The moves of financial markets late last year and in early 2009, when so many asset classes fell, point strongly to the need for investors to diversify their portfolios.
“It’s an enduring lesson of investing that diversification holds the key to success,” says Chris Geczy, director of wealth management at the University of Pennsylvania’s Wharton School. “In the last crisis, it’s not that diversification didn’t work, as some claimed. It did work, but many investors weren’t appropriately diversified.”
Various holdings can provide diversification — some more exotic than others. Four holdings you may want to consider are emerging markets, mutual funds that employ strategies similar to hedge funds, currencies and art.
These assets can diversify your exposure beyond U.S. stocks and bonds. So when stocks and bonds fall, sometimes the other assets will rise. “Thinking about these kinds of issues may aid you in diversifying,” Geczy says.
Here are important issues to keep in mind when investing in the four alternative areas. Remember that most of these investments are risky, so you only want to put small amounts in them.
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Emerging market stocks and bonds have been the top performers so far this year. The MSCI Emerging (stock) Markets Index jumped 48 percent through Oct. 30 in local currency terms (61 percent in dollar terms). And the J.P. Morgan EMBI Global index of emerging market bonds is up 26 percent in dollar terms.
The easiest way to participate in emerging markets is through mutual funds and exchange-traded funds, or ETFs. Using funds eliminates the need for you to research individual securities, which can be quite difficult for emerging markets.
The benefit of ETFs is that they trade throughout the day, as opposed to once a day for open-end mutual funds. In addition, because they are based on market indexes and thus don’t trade actively, ETFs generally have lower fees than mutual funds. Just make sure your ETFs have enough trading volume to avoid excessive volatility.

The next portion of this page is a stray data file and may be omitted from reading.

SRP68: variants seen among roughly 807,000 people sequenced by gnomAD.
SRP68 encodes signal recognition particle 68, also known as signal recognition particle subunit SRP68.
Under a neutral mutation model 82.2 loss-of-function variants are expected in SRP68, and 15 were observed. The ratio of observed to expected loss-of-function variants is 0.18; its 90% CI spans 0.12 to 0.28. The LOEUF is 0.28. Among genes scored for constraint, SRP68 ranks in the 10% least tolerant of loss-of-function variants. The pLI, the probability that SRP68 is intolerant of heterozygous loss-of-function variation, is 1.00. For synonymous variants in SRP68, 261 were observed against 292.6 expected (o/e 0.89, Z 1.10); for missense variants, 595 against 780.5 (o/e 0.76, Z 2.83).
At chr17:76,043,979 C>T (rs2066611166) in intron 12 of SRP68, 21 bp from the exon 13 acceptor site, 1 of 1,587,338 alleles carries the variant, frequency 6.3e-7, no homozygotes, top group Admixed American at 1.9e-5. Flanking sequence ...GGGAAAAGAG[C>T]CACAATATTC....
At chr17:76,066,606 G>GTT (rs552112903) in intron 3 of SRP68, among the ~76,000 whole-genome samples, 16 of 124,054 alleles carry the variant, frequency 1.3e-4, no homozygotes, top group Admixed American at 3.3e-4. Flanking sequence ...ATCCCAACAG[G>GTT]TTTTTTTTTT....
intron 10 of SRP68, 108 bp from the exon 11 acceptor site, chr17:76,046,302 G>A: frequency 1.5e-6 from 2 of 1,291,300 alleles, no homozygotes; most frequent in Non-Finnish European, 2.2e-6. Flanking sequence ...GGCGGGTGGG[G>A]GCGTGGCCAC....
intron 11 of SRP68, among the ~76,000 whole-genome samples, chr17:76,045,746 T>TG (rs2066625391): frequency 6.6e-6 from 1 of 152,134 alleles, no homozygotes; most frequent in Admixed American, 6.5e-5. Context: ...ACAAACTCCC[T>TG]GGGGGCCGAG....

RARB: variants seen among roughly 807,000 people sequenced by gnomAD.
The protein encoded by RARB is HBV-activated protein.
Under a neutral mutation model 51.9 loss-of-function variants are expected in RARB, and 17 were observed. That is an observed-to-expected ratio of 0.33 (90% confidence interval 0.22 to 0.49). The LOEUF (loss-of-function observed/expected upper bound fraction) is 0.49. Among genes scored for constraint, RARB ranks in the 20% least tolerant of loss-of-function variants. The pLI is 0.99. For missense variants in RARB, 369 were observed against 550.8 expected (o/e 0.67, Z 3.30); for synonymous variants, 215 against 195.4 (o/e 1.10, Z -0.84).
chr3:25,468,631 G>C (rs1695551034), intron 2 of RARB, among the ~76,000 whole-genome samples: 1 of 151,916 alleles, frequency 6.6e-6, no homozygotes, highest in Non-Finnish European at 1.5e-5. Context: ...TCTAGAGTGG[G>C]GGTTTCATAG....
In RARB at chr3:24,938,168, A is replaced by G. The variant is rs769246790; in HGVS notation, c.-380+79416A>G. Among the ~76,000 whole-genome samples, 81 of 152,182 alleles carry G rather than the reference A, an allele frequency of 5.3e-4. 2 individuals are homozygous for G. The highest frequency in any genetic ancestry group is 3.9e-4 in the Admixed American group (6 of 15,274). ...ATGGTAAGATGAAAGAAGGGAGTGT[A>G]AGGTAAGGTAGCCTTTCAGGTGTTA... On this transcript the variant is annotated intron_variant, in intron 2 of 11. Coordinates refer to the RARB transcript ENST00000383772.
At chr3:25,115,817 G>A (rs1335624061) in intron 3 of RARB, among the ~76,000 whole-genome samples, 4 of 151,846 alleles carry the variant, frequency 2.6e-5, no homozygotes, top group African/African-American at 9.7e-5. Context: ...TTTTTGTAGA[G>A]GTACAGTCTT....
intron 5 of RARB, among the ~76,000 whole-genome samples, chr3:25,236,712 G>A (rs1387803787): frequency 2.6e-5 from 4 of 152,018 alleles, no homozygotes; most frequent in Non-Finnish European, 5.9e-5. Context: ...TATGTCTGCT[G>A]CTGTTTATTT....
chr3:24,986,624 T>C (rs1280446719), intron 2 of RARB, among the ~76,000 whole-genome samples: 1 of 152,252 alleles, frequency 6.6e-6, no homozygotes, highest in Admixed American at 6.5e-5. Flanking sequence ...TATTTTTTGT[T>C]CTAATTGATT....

Novice investors would do well to start with a fund that invests in multiple countries to avoid putting all your eggs in one basket.
A key issue for any foreign stock or bond fund is currency hedging. If the fund hedges its currency risk, your return should be similar whether the dollar rises or falls. If the fund doesn’t hedge, your return will benefit when the dollar falls and suffer when it rises.
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Hedge funds, which use more complicated investment strategies than most mutual funds, have often outperformed their more conservative brethren. The Morningstar 1000 Hedge Fund Index rose 17 percent this year through Oct. 30.
You need a net worth of $1 million or annual income of $200,000 to invest in a hedge fund, so they aren’t accessible to small investors. Hedge fund managers also charge large fees — as much as 22 percent.
But some mutual funds use hedge-fund strategies. For example, there are mutual funds that only short stocks, and ones that go long and short. There’s even a fund that engages in merger arbitrage. The simplest form of merger arbitrage would be to buy shares of a target company in a merger and to sell shares of the acquirer.